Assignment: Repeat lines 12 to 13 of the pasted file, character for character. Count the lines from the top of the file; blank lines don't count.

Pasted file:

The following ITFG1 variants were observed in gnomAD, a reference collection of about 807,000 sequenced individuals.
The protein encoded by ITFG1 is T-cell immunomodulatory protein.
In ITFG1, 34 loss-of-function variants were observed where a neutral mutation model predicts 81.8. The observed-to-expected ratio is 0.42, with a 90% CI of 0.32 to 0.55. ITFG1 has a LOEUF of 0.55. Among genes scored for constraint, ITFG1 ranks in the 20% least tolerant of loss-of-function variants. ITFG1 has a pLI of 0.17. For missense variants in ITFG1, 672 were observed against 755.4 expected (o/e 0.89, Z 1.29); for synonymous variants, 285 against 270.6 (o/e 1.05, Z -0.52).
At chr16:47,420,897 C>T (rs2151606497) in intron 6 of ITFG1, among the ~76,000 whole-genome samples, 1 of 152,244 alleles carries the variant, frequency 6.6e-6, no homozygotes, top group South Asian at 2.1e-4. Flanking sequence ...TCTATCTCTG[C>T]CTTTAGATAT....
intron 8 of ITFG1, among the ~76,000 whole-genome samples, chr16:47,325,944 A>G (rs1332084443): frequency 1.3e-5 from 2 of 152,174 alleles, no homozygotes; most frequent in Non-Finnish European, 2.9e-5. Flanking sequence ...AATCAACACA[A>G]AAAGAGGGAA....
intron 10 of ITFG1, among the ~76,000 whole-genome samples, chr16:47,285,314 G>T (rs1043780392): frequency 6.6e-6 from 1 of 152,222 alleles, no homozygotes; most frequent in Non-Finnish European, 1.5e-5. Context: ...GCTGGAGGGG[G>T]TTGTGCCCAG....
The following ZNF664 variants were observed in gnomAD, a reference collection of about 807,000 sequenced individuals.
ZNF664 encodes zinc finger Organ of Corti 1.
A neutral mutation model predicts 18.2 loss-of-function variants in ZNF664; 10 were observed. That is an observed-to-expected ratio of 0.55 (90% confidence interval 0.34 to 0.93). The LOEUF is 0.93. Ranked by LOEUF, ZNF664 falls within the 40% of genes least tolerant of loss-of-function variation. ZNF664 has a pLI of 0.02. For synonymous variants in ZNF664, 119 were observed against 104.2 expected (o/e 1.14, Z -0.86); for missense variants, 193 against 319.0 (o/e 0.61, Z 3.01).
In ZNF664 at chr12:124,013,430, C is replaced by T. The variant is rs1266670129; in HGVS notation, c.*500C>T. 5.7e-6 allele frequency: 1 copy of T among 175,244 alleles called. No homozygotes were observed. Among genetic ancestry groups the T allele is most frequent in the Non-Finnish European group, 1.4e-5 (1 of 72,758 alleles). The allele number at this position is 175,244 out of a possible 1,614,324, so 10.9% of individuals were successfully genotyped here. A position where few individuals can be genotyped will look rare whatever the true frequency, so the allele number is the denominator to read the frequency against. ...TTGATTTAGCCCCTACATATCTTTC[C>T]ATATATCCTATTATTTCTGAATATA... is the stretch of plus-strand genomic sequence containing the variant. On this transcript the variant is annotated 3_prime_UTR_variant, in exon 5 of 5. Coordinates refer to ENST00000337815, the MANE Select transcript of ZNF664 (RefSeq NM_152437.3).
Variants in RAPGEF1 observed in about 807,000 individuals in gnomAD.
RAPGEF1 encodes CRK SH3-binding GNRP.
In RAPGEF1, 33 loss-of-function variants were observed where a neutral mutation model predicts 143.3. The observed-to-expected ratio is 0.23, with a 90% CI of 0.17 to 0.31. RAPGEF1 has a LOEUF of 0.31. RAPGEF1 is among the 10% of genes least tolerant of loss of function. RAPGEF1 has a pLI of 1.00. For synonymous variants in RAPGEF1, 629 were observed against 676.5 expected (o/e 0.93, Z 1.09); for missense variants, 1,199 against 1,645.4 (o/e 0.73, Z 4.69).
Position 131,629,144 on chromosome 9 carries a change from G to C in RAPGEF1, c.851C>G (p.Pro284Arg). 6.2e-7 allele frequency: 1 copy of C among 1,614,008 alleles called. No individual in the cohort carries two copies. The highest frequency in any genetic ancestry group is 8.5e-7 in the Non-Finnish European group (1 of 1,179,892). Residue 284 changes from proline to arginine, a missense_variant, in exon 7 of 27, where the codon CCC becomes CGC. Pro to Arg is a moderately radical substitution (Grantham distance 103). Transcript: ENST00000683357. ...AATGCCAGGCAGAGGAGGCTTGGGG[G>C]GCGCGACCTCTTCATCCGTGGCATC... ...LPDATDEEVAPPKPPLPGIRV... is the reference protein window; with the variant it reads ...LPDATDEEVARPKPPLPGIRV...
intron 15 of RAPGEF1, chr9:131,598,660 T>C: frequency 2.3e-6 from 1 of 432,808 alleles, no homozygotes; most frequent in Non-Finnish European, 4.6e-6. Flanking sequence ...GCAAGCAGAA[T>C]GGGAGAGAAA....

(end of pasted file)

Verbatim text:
RAPGEF1 encodes CRK SH3-binding GNRP.
In RAPGEF1, 33 loss-of-function variants were observed where a neutral mutation model predicts 143.3. The observed-to-expected ratio is 0.23, with a 90% CI of 0.17 to 0.31. RAPGEF1 has a LOEUF of 0.31. RAPGEF1 is among the 10% of genes least tolerant of loss of function. RAPGEF1 has a pLI of 1.00. For synonymous variants in RAPGEF1, 629 were observed against 676.5 expected (o/e 0.93, Z 1.09); for missense variants, 1,199 against 1,645.4 (o/e 0.73, Z 4.69).